It is a pity that the battles are not more than functional, but it is obvious that the developers have been more interested in the cultural aspect of the game. And it does not matter to me, because that is where the game differs the most from the competition. Humankind definitely has that “just one more round” feeling that does Civilizationseries so sickly addictive. But despite the many similarities, Amplitude definitely adds something to the genre.
There is a solid foundation here, which I hope can lead to future expansions or sequels that take the concept even further. Because even though I have fun with the game, it still feels like there is a lack of that little extra cape to take the game to the very, very highest levels. But just like in the game, it’s not all about winning, or being the biggest and best. Sometimes it goes a long way to have a lot of fun with your odd little creation as a nation, even if it does not lead to world domination in the end.
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Three other games that mix strategy and narrative elements in an excellent way.
- Old World – This overlooked strategy game left early access not so long ago, and has many similarities Humankind. Create a dynasty of rulers over the years in a way that mixes Crusader Kings and Civilization.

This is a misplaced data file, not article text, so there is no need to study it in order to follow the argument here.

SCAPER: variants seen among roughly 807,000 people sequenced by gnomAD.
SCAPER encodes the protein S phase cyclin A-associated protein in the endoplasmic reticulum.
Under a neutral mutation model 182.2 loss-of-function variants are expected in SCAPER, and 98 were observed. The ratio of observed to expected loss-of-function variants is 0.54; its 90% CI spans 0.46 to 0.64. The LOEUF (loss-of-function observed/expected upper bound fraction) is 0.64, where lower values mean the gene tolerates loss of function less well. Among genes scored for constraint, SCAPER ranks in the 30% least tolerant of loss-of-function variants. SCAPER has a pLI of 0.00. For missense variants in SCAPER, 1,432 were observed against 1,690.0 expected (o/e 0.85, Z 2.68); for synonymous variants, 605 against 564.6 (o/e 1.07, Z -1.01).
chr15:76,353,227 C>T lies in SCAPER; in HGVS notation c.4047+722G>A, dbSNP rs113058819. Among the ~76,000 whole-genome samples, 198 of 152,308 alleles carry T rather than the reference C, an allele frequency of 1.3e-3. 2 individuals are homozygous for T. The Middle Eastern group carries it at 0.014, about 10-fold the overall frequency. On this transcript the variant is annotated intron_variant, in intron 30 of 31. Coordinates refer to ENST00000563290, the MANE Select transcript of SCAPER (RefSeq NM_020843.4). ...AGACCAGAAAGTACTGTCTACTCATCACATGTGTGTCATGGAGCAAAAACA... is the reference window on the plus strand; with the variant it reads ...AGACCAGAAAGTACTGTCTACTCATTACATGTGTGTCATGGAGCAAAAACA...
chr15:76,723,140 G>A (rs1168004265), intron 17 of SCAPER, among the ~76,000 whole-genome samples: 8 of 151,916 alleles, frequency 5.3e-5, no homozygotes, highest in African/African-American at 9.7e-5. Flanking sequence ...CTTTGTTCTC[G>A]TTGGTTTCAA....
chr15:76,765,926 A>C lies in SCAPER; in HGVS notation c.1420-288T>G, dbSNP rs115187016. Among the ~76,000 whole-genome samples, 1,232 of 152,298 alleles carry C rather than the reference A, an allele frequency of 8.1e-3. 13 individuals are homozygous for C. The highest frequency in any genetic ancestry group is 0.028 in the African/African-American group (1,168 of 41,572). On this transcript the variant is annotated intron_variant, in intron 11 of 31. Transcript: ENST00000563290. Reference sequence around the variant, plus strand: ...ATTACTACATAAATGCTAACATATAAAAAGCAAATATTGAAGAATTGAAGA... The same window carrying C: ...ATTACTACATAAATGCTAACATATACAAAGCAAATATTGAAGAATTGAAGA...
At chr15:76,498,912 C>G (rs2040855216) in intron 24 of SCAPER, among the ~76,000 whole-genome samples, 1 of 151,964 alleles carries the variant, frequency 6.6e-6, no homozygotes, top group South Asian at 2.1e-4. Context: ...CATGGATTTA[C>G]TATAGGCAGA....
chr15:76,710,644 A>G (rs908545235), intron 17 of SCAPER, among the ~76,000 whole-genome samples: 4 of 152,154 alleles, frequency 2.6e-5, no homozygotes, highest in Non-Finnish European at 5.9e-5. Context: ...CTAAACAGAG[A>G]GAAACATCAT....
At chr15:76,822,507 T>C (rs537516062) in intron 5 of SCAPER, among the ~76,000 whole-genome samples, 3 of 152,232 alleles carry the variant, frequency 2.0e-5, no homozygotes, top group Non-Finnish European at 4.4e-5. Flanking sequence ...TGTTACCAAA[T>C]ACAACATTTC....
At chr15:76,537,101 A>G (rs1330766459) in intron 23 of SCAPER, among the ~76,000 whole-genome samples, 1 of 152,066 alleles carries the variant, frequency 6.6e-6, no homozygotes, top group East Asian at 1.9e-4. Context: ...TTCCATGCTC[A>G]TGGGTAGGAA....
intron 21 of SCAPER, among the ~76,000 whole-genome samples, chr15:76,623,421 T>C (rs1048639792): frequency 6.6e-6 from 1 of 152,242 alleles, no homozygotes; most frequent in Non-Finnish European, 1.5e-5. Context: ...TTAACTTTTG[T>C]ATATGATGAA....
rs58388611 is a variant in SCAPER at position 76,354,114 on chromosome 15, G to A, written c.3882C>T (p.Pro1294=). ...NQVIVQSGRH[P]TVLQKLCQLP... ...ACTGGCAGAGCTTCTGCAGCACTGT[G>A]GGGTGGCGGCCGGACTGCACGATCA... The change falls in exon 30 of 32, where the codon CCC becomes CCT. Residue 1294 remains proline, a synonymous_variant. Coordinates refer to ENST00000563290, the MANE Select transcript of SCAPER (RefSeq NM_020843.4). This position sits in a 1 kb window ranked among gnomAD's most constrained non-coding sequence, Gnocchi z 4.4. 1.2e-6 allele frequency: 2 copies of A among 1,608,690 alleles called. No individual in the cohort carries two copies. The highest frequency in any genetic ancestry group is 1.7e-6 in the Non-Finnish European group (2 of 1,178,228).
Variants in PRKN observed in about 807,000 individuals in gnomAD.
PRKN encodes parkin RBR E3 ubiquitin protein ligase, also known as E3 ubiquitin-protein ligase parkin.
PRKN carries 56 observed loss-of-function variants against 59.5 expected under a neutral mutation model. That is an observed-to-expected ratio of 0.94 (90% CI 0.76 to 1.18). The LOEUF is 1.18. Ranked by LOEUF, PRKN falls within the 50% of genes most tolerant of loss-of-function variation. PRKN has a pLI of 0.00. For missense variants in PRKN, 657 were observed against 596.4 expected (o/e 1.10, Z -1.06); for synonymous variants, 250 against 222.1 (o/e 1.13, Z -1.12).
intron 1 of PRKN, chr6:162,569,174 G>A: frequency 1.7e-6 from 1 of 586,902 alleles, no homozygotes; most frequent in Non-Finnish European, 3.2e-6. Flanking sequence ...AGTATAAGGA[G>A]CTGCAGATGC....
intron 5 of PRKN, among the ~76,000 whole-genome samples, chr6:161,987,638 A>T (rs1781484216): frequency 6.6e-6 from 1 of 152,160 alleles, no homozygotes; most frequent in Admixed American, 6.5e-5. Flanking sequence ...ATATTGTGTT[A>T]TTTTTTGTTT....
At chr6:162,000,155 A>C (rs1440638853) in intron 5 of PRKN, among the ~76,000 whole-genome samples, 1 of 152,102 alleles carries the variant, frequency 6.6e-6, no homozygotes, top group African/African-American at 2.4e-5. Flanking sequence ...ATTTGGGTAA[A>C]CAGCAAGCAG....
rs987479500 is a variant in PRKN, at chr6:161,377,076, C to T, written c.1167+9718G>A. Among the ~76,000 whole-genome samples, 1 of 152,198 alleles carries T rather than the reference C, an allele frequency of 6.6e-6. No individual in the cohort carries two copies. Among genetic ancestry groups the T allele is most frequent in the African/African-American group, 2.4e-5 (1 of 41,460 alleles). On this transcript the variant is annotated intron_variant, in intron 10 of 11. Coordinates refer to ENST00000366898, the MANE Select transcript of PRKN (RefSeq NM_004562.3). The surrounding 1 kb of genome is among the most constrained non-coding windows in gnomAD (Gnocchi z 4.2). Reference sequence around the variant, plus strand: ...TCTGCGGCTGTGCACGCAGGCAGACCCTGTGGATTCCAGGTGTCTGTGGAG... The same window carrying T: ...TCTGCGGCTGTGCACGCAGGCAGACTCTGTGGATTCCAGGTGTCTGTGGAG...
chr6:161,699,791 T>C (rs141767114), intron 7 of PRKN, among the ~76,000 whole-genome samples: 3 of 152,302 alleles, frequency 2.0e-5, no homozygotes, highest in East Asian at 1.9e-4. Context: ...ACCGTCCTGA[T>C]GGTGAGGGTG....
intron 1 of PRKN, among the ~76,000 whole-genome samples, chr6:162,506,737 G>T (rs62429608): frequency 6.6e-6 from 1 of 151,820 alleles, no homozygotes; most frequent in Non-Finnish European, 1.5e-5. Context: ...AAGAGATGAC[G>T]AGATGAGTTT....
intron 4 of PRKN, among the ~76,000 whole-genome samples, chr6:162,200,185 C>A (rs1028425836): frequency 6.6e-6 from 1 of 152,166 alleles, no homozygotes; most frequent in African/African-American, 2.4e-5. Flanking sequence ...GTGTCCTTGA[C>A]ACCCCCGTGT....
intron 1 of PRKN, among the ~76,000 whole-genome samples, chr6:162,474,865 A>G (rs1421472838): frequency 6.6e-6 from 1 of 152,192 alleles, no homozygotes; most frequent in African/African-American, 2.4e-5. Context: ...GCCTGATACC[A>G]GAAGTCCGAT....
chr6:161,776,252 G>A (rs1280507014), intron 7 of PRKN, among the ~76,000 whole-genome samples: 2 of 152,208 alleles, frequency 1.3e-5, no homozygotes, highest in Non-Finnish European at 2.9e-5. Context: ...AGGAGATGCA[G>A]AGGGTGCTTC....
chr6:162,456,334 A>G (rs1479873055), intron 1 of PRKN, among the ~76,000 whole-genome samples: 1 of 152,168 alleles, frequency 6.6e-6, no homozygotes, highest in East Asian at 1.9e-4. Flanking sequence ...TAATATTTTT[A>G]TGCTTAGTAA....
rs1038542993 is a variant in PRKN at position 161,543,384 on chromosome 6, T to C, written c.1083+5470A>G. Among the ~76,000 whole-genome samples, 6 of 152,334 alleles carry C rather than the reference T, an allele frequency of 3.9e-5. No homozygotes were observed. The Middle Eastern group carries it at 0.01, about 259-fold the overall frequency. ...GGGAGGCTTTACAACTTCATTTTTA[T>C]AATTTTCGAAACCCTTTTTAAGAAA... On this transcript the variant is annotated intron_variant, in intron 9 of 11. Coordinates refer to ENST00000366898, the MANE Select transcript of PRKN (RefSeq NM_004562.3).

- Crusader Kings III – And speaking of which, it is Crusader Kings III impossible not to be on a list like this. The game is packed with interesting little stories, in addition to all that you create yourself by just playing the game. Already a modern classic.
- Xcom 2 – Actually, which can Xcom any place here, but the premise itself provides Xcom 2 a small cape. Earth is conquered and lives under the oppression of space creatures. The plot of the game is linear, but as you create ties to your best soldiers, you create small fantastic stories yourself – with both great triumphs and scathing defeats.
Bubbler: Wildermyth – It is a role-playing game, and does not qualify for the list for that reason. But the way it mixes tactical battles with fantastic character building and narrative makes me have to mention this anyway.
An interesting variant of a familiar concept, and a really fun strategy game in its own right.